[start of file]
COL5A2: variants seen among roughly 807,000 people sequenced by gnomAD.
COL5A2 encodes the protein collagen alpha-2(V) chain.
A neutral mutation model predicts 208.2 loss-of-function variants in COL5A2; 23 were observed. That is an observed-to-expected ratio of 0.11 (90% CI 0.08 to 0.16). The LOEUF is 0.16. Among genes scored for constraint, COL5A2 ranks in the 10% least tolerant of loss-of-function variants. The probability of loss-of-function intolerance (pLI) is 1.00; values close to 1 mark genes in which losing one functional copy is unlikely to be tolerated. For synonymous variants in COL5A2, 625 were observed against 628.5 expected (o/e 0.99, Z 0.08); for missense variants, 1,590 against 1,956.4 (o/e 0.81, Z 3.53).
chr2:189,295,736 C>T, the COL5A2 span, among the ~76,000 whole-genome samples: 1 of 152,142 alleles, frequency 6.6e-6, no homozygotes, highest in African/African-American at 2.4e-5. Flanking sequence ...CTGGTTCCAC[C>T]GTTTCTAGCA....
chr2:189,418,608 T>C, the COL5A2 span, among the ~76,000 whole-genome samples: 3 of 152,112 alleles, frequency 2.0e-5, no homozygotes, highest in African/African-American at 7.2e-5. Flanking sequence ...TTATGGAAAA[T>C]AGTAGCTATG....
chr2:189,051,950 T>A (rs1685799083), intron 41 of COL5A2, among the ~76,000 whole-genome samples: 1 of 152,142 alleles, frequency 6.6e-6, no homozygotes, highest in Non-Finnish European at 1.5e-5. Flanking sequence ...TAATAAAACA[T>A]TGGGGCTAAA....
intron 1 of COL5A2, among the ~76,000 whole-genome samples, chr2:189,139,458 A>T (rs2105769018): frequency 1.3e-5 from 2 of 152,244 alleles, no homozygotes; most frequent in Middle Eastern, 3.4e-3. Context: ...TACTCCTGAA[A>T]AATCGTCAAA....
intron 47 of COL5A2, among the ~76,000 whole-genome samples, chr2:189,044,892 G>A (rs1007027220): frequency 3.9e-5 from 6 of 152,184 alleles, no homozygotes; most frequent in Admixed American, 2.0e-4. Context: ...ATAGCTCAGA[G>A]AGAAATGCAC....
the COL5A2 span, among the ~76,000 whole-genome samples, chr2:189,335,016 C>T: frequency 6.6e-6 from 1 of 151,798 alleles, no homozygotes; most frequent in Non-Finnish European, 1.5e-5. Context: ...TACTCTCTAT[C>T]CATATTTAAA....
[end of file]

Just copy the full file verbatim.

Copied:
COL5A2: variants seen among roughly 807,000 people sequenced by gnomAD.
COL5A2 encodes the protein collagen alpha-2(V) chain.
A neutral mutation model predicts 208.2 loss-of-function variants in COL5A2; 23 were observed. That is an observed-to-expected ratio of 0.11 (90% CI 0.08 to 0.16). The LOEUF is 0.16. Among genes scored for constraint, COL5A2 ranks in the 10% least tolerant of loss-of-function variants. The probability of loss-of-function intolerance (pLI) is 1.00; values close to 1 mark genes in which losing one functional copy is unlikely to be tolerated. For synonymous variants in COL5A2, 625 were observed against 628.5 expected (o/e 0.99, Z 0.08); for missense variants, 1,590 against 1,956.4 (o/e 0.81, Z 3.53).
chr2:189,295,736 C>T, the COL5A2 span, among the ~76,000 whole-genome samples: 1 of 152,142 alleles, frequency 6.6e-6, no homozygotes, highest in African/African-American at 2.4e-5. Flanking sequence ...CTGGTTCCAC[C>T]GTTTCTAGCA....
chr2:189,418,608 T>C, the COL5A2 span, among the ~76,000 whole-genome samples: 3 of 152,112 alleles, frequency 2.0e-5, no homozygotes, highest in African/African-American at 7.2e-5. Flanking sequence ...TTATGGAAAA[T>C]AGTAGCTATG....
chr2:189,051,950 T>A (rs1685799083), intron 41 of COL5A2, among the ~76,000 whole-genome samples: 1 of 152,142 alleles, frequency 6.6e-6, no homozygotes, highest in Non-Finnish European at 1.5e-5. Flanking sequence ...TAATAAAACA[T>A]TGGGGCTAAA....
intron 1 of COL5A2, among the ~76,000 whole-genome samples, chr2:189,139,458 A>T (rs2105769018): frequency 1.3e-5 from 2 of 152,244 alleles, no homozygotes; most frequent in Middle Eastern, 3.4e-3. Context: ...TACTCCTGAA[A>T]AATCGTCAAA....
intron 47 of COL5A2, among the ~76,000 whole-genome samples, chr2:189,044,892 G>A (rs1007027220): frequency 3.9e-5 from 6 of 152,184 alleles, no homozygotes; most frequent in Admixed American, 2.0e-4. Context: ...ATAGCTCAGA[G>A]AGAAATGCAC....
the COL5A2 span, among the ~76,000 whole-genome samples, chr2:189,335,016 C>T: frequency 6.6e-6 from 1 of 151,798 alleles, no homozygotes; most frequent in Non-Finnish European, 1.5e-5. Context: ...TACTCTCTAT[C>T]CATATTTAAA....